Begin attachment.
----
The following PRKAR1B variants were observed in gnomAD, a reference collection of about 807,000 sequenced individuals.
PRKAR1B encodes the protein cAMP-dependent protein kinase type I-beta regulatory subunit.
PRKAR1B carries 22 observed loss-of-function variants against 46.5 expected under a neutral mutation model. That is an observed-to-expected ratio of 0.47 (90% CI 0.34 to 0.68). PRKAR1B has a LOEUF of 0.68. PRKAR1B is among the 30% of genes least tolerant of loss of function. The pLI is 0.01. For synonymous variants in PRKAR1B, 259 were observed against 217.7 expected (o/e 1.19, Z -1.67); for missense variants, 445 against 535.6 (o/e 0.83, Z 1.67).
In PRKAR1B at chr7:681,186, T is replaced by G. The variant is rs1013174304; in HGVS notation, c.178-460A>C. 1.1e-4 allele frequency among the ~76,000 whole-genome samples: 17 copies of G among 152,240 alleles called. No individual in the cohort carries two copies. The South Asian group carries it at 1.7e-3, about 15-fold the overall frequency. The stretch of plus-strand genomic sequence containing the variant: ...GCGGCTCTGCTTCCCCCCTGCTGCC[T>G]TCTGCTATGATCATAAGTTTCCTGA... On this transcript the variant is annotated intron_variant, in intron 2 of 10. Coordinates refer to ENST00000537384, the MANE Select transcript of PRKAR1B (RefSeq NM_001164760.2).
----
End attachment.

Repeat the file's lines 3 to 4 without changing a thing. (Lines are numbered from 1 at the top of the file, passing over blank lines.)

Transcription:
PRKAR1B carries 22 observed loss-of-function variants against 46.5 expected under a neutral mutation model. That is an observed-to-expected ratio of 0.47 (90% CI 0.34 to 0.68). PRKAR1B has a LOEUF of 0.68. PRKAR1B is among the 30% of genes least tolerant of loss of function. The pLI is 0.01. For synonymous variants in PRKAR1B, 259 were observed against 217.7 expected (o/e 1.19, Z -1.67); for missense variants, 445 against 535.6 (o/e 0.83, Z 1.67).
In PRKAR1B at chr7:681,186, T is replaced by G. The variant is rs1013174304; in HGVS notation, c.178-460A>C. 1.1e-4 allele frequency among the ~76,000 whole-genome samples: 17 copies of G among 152,240 alleles called. No individual in the cohort carries two copies. The South Asian group carries it at 1.7e-3, about 15-fold the overall frequency. The stretch of plus-strand genomic sequence containing the variant: ...GCGGCTCTGCTTCCCCCCTGCTGCC[T>G]TCTGCTATGATCATAAGTTTCCTGA... On this transcript the variant is annotated intron_variant, in intron 2 of 10. Coordinates refer to ENST00000537384, the MANE Select transcript of PRKAR1B (RefSeq NM_001164760.2).